Two stolen Van Gogh paintings are finally returning to public view after 17 ...

Written by Michelle Lou, CNNBrandon Griggs, CNN

Two paintings by Vincent Van Gogh, stolen from a museum 17 years ago, have finally returned to the public eye.

In 2002, thieves swiped the Dutch painter's pieces, named "View of the Sea at Scheveningen" and "Congregation Leaving the Reformed Church in Nuenen," from the Van Gogh Museum in Amsterdam. They used a ladder to access the museum roof and broke in.

Van Gogh Museum

After a 14-year search and an investigation into a group linked to the Italian mafia, authorities recovered the paintings in in 2016.

Museum staff spent two years examining the damage to the paintings and restoring them. On Wednesday, they hung them up again in the museum's galleries.

"We are delighted to be able to put these significant works in our collection back on display in the museum, where they belong," museum director Axel Ruger said in a statement.

"The conservators have done a brilliant job and the paintings will now go back on permanent display in their full glory, for everyone to see."

Both paintings required conservation treatment

The paintings, which date from the 1880s, underwent conservation treatment before they returned to public display.

Vincent van Gogh's 1882 painting 'View of the Sea at Scheveningen' was one of two pictures stolen from the Van Gogh Museum in Amsterdam in 2002.

Stolen Van Gogh paintings found after 14 years in raid on Italian mafia group

"View of the Sea at Scheveningen," one of Van Gogh's earliest works in oil paint, was damaged during its time away from the museum. It is is one of only two seascapes that Van Gogh painted in the Netherlands, according to the museum.

A piece of paint was missing from the bottom left-hand corner, but museum conservators filled it using a 3D-printed mould replicating the original brushstrokes. The piece had likely torn off when the painting was removed from its frame, the museum said.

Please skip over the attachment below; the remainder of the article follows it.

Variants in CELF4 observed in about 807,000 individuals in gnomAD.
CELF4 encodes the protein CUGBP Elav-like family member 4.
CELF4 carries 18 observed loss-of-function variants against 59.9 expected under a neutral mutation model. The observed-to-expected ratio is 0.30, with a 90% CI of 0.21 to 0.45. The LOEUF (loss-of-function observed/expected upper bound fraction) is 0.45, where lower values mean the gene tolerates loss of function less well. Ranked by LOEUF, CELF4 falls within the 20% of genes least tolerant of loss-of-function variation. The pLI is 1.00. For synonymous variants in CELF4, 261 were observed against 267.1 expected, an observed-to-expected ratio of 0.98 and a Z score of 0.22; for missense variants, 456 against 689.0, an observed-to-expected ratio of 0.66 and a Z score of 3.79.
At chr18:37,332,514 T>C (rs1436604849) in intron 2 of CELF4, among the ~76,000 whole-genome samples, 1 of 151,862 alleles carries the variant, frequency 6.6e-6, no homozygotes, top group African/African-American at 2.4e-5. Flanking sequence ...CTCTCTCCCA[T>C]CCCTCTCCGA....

Van Gogh painted

Van Gogh painted "View of the Sea at Scheveningen" in 1882 while living in The Hague. It's one of his first oil paintings. Credit: Van Gogh Museum

During the conservation treatment process, they found the remains of a signature "Vincent." However, the museum believes that Van Gogh himself did not write it.

Fortunately, "Congregation Leaving the Reformed Church in Nuenen," sustained hardly any damage, the museum said. The painting depicts the church in Nuenen, a city in the Netherlands, where Van Gogh's father was the minister.

Van Gogh painted

Van Gogh painted "Congregation Leaving the Reformed Church in Nuenen" to cheer up his mother after she broke her leg and had to stay in bed. Credit: Van Gogh Museum

The museum found that both paintings were covered with a varnish that wasn't there before and had yellowed over time. Conservators removed the layers of varnish and retouched the paintings.

In the process of removing varnish from "Congregation Leaving the Reformed Church in Nuenen," they discovered another varnish layer that Van Gogh likely applied himself. It is protein based and marks the first time that such a varnish layer has been found in the painter's early

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